And whatever you do, in word or deed, do everything in the Name of the Lord Jesus, giving thanks to God the Father through Him. Colossians 3:17
On one of the arches of a magnificent cathedral in Europe is sculptured a face of wondrous beauty.
Sadly, the face can be clearly seen only once a year when the sun is in a certain position. At that time and on that day the sun's rays stream through a small window and illuminate the exquisite carving.
According to legend, when the massive edifice was being built, an old man came and begged the architect to give him permission to work on some portion of the great church. In the years past the man had been a well-known artist, but now age had taken its toll on his trembling hands and failing vision. Fearing the man's work might mar the beautiful building, the architect's first thought was to say, "No, we can't use you."
Still the man had spent his life as a faithful craftsman doing magnificent work. That is why the planner allowed the artisan to chisel his project in a space that was hidden in the shadows of the giant vaulted roof. In this way the architect was at peace for he knew only a few people would ever see whatever the man managed to create.
The months passed by slowly. Each day the craftsman's climb up the scaffolding seemed to be slower and more difficult. Finally came the day when his work was completed ... almost. With only a small bit to go, the worker climbed to the roof one last time.
When darkness began to fall and the carver hadn't yet come down, some other workers went up to investigate. They found the craftsman had died. His tools were beside him, and his sightless eyes were fixed on the marvelous face he had carved into the marble.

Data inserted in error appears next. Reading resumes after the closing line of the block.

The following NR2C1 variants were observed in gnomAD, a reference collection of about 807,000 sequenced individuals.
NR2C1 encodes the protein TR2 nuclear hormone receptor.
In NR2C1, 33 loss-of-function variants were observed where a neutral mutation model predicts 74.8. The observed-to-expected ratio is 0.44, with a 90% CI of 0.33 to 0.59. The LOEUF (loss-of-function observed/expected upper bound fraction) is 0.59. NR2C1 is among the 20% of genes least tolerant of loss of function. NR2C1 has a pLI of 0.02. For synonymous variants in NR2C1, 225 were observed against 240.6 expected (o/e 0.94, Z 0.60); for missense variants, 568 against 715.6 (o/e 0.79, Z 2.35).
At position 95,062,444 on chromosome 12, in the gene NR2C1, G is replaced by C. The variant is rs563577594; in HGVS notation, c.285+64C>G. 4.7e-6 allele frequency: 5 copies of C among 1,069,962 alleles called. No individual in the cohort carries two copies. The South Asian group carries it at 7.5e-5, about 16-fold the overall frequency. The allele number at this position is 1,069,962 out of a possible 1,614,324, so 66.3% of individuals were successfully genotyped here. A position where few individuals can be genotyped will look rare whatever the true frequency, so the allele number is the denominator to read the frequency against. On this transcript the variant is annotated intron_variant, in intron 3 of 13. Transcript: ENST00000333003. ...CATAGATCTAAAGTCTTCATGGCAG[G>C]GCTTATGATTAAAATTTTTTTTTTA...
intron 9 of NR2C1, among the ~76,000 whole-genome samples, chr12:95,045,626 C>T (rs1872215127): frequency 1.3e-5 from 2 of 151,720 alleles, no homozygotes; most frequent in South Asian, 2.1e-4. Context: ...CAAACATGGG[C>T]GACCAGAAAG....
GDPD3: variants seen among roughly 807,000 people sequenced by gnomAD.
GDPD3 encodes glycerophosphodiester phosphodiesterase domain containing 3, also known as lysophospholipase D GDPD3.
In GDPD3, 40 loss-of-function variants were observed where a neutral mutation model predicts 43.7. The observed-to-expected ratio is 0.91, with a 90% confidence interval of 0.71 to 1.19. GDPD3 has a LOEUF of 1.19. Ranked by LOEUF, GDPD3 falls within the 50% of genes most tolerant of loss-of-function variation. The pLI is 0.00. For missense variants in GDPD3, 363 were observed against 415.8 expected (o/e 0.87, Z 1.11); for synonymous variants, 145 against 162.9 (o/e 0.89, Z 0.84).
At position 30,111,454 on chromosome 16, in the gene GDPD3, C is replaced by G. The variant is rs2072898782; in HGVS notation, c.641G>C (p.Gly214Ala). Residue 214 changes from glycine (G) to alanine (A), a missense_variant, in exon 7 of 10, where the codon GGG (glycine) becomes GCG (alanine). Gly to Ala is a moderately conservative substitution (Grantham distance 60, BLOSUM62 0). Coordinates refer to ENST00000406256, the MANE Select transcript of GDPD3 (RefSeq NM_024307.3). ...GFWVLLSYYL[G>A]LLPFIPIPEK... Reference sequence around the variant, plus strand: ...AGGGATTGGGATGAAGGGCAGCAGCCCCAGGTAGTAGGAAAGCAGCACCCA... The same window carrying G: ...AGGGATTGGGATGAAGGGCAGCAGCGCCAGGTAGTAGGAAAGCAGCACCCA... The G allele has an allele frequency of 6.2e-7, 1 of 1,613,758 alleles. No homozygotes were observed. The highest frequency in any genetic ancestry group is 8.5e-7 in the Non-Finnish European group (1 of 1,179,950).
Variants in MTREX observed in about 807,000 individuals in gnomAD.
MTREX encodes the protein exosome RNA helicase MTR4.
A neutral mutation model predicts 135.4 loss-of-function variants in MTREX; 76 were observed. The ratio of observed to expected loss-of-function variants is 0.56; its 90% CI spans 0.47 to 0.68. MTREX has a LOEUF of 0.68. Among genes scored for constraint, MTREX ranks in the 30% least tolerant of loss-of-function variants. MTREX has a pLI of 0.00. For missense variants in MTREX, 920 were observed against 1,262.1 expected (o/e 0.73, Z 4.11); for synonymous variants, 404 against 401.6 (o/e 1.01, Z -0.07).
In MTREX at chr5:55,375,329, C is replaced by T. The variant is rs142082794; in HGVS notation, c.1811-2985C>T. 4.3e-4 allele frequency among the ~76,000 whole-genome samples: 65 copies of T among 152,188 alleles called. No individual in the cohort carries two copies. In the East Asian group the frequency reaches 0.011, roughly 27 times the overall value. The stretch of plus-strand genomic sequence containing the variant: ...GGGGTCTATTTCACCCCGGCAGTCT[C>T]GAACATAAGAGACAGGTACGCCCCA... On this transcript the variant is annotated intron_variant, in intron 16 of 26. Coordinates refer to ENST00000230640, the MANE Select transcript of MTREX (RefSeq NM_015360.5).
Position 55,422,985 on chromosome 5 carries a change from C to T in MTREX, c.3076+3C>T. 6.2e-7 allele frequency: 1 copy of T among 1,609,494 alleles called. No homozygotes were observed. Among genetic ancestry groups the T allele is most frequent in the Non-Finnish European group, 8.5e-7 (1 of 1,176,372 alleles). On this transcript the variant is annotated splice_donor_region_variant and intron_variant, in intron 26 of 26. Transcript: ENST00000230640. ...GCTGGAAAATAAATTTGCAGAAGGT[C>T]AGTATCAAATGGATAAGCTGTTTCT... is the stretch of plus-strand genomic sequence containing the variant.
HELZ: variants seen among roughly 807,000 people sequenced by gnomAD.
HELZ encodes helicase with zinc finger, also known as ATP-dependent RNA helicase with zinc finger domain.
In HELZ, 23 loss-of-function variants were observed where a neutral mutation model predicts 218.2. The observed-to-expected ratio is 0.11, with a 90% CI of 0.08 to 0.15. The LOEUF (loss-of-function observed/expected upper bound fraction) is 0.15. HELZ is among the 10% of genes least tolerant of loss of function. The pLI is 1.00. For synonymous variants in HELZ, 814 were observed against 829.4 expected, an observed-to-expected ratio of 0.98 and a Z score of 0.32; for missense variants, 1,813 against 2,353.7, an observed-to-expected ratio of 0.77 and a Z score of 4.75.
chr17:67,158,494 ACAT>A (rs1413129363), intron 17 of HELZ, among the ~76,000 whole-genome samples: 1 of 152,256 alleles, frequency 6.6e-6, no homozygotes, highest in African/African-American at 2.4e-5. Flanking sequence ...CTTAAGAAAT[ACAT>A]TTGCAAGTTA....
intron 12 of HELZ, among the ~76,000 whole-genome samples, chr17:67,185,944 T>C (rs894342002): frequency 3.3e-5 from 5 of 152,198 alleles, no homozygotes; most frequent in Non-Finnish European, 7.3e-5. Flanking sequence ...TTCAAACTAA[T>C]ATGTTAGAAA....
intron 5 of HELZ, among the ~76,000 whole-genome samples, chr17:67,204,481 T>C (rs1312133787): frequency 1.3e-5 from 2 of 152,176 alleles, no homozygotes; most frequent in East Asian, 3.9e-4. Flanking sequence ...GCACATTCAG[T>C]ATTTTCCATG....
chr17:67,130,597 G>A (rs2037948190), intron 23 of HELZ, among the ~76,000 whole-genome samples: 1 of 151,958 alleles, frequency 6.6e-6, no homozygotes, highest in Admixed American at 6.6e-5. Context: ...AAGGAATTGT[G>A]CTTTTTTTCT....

Although the man had thought his work would never be seen, he had given his all to produce a masterpiece.
When I read that story, I wondered if I would do the same. Would I work just as hard on a sermon if I knew it was only going to be heard by a handful of souls? Would I choose my words as carefully if I knew this devotion was only going to be read by ten or twenty?
I'm afraid I know what I would do.
Thankfully, we have a Savior who is far, far better than us. We have a Savior who gave His best all the time. People hated Him, hounded Him, tried to hurt Him, but still He gave His all. There were those who tortured Him and had Him crucified, but still He loved them and called from the cross for their forgiveness. All this Jesus did so our salvation might be won.
This is why His followers should do their best to make as many people as possible see this beautiful thing which the Lord has wrought. Like John the Baptizer, we need to point others to the "Lamb of God who takes away sins of the world" (see John 1:29).
THE PRAYER: Dear Lord, You gave Your Best, Your Son, to save me. Now may I, with a thankful heart, give my best as I witness to You with my word, with my works, with my life. In Jesus' Name I ask it. Amen.
In Christ I remain His servant and yours,
Pastor Ken Klaus
Speaker emeritus of The Lutheran Hour®
Lutheran Hour Ministries